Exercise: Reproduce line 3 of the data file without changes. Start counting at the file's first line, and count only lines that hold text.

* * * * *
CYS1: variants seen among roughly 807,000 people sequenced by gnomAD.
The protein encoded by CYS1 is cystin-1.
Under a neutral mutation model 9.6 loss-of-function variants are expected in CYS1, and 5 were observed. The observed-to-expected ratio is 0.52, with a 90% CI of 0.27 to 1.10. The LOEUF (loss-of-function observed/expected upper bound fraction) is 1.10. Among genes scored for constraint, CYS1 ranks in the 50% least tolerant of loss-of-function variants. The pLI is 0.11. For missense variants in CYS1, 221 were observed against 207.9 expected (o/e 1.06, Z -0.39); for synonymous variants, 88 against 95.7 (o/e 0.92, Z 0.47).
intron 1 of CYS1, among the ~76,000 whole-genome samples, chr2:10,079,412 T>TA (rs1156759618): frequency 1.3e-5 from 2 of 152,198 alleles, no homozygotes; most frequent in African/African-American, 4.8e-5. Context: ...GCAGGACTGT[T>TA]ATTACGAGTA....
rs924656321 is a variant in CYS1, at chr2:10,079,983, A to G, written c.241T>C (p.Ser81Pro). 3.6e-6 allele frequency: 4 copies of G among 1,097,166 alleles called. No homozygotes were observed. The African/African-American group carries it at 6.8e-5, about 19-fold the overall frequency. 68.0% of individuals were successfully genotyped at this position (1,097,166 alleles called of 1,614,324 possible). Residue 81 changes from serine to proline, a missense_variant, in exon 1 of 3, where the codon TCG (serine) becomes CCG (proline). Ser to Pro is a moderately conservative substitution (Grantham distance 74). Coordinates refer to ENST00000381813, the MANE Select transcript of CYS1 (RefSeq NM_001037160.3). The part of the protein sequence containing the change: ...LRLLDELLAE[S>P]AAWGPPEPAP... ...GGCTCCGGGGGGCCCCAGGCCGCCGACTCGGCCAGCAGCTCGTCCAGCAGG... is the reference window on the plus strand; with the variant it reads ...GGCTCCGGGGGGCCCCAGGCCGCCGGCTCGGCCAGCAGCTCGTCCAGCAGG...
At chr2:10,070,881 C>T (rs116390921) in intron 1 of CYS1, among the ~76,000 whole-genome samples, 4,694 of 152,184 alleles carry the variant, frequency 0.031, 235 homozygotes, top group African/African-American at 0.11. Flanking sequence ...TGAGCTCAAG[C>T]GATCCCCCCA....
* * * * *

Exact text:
Under a neutral mutation model 9.6 loss-of-function variants are expected in CYS1, and 5 were observed. The observed-to-expected ratio is 0.52, with a 90% CI of 0.27 to 1.10. The LOEUF (loss-of-function observed/expected upper bound fraction) is 1.10. Among genes scored for constraint, CYS1 ranks in the 50% least tolerant of loss-of-function variants. The pLI is 0.11. For missense variants in CYS1, 221 were observed against 207.9 expected (o/e 1.06, Z -0.39); for synonymous variants, 88 against 95.7 (o/e 0.92, Z 0.47).